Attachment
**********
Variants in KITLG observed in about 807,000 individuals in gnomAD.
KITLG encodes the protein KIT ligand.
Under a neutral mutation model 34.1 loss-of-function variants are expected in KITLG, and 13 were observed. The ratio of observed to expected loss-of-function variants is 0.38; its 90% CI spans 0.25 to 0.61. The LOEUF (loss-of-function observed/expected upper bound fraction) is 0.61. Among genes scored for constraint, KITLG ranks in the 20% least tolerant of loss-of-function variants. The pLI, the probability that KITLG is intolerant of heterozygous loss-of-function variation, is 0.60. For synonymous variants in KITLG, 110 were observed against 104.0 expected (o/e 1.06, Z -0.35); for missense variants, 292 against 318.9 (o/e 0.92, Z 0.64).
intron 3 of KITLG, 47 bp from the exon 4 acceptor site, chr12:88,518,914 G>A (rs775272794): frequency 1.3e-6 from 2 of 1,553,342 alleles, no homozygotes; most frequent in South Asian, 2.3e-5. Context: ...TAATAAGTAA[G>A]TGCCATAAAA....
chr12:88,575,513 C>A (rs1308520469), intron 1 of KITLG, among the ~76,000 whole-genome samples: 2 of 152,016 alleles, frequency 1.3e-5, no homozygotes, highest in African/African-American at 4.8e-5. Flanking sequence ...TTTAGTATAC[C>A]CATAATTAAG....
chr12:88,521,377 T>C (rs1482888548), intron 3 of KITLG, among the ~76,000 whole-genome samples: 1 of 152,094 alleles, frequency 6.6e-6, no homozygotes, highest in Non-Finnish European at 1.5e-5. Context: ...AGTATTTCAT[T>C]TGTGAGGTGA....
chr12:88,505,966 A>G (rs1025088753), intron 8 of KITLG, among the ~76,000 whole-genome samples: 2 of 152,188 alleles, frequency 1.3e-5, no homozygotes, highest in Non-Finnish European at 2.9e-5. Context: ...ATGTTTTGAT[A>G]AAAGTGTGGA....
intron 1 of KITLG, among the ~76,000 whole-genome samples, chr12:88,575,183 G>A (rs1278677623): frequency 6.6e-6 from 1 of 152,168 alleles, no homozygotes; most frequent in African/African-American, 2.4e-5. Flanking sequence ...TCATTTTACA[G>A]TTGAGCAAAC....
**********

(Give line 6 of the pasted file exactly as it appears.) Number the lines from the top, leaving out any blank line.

chr12:88,521,377 T>C (rs1482888548), intron 3 of KITLG, among the ~76,000 whole-genome samples: 1 of 152,094 alleles, frequency 6.6e-6, no homozygotes, highest in Non-Finnish European at 1.5e-5. Context: ...AGTATTTCAT[T>C]TGTGAGGTGA....